The finance and accounting function, along with HR, have traditionally been the BPO processes that companies testing the waters of outsourcing get wet with first. Today “transactional outsourcing has been leveled to a simple commodity,” says Michael J. Alfonsi, Managing Director, BancTec Financial Transaction Services.
So what are FAO’s challenges 20 years later? Processes are seasoned and systems are humming. So what keeps CFOs up at night these days? We interviewed four of the industry’s leading experts to find out.
The biggest change is those demanding buyers. You know, the ones in their third generation of outsourcing. “As F&A buyers and providers continue to mature, so do buyers’ demands,” observes Sanjay Jain, head, Global Transformation Practice, WNS.
These experienced buyers are putting the pressure on their service providers to perform. They are demanding that their service providers “finally come up with the famous and ethereal ‘value add,'” notes Alfonsi, who is responsible for the BancTec’s portfolio of outsourced financial solutions, But this time, he says, “they need real value, like analytical tools, crisp process improvement tools involving fact-based reviews and strong business cases.” Knowledge process outsourcing is one way to produce that value add.
In addition to these demands, according to Amit Sharma, general manager, Corporate Business Services for Wipro, pressures on the finance department have intensified over the last five years and not just because of the global recession. “More stringent regulatory regimes and a changing demand from the business to have finance become a true partner have created a need for faster information and a more agile response to change, particularly with mergers, collaborative ventures and divestments,” he says.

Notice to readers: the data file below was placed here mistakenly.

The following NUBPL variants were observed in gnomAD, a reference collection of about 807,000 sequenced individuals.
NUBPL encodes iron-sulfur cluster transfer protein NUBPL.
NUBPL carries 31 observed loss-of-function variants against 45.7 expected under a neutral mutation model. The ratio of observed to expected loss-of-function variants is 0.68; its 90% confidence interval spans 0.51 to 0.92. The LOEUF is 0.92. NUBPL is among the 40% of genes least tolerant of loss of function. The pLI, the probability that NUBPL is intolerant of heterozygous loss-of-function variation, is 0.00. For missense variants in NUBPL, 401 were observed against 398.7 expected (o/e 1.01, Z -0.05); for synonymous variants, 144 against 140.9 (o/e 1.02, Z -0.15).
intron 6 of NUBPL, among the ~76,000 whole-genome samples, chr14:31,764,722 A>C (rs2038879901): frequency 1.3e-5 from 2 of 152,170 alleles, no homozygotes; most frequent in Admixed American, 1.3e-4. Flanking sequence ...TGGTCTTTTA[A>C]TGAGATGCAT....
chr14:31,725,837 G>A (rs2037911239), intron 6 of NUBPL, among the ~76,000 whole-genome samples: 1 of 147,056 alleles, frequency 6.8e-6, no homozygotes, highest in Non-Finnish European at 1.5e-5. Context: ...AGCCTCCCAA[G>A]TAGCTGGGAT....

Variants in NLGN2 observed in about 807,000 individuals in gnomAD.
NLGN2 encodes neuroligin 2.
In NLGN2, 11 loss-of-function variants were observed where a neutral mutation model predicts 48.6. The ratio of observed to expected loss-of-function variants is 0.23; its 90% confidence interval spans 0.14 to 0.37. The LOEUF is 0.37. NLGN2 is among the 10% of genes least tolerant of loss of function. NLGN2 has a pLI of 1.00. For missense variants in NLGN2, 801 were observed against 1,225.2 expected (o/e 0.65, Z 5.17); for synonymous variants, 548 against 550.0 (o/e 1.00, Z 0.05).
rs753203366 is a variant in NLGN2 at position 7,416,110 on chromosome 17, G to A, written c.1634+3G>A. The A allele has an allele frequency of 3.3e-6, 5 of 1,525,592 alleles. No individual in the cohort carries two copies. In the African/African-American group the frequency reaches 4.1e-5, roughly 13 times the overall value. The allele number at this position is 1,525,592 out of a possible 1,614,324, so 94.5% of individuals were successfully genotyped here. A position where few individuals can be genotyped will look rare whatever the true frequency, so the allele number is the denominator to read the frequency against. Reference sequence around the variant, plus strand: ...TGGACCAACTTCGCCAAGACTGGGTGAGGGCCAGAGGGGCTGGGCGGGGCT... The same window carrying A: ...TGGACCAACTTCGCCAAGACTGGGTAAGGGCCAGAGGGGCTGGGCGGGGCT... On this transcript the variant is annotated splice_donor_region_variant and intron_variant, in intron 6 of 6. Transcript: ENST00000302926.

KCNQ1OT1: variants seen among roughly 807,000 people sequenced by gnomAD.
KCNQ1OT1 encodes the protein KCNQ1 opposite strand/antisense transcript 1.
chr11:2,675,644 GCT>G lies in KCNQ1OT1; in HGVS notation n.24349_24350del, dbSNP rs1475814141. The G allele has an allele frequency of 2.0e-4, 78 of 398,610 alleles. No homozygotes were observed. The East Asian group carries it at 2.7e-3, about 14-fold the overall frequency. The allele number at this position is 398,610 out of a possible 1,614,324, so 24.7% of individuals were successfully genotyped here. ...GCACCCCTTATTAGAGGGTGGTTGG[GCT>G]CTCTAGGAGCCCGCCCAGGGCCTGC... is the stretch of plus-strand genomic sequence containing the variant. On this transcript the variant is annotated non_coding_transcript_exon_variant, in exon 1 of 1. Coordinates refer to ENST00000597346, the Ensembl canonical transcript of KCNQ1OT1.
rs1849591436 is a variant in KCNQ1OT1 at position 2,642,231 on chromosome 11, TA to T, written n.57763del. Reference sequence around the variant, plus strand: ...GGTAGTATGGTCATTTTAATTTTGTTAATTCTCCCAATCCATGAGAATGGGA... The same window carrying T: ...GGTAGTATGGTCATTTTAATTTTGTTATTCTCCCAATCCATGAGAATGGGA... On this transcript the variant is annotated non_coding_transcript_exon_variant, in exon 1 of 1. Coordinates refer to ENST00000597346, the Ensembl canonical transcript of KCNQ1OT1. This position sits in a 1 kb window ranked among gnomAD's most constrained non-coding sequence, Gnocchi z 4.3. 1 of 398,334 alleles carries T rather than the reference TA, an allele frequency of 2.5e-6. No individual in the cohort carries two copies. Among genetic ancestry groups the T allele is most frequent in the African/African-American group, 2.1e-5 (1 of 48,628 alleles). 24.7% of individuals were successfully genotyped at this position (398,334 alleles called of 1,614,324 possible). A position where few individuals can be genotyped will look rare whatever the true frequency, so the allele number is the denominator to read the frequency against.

And if that’s not enough, Sharma adds buyers now expect the finance function “to provide greater business insight, give more relevant decision support and make recommendations regarding business opportunities.” Oh, and buyers still insist their service providers meet routine expectations like closing the books on time.
In fact, V. K. Raman, global head, Domain BPO Services for TCS, says this year CFOs who want to “sleep better” have to adopt a completely new mind set. They have to “stop considering themselves the custodians of the financial records and the monitors of internal financial controls.” Instead, they are in the process of morphing into trusted advisors to the board and top management. “CFOs are required to anticipate risks and develop scenarios to meet them,” he says.
2013’s current challenges
The experts call out five different issues they have to conquer this year to be successful. They are thorny all and include: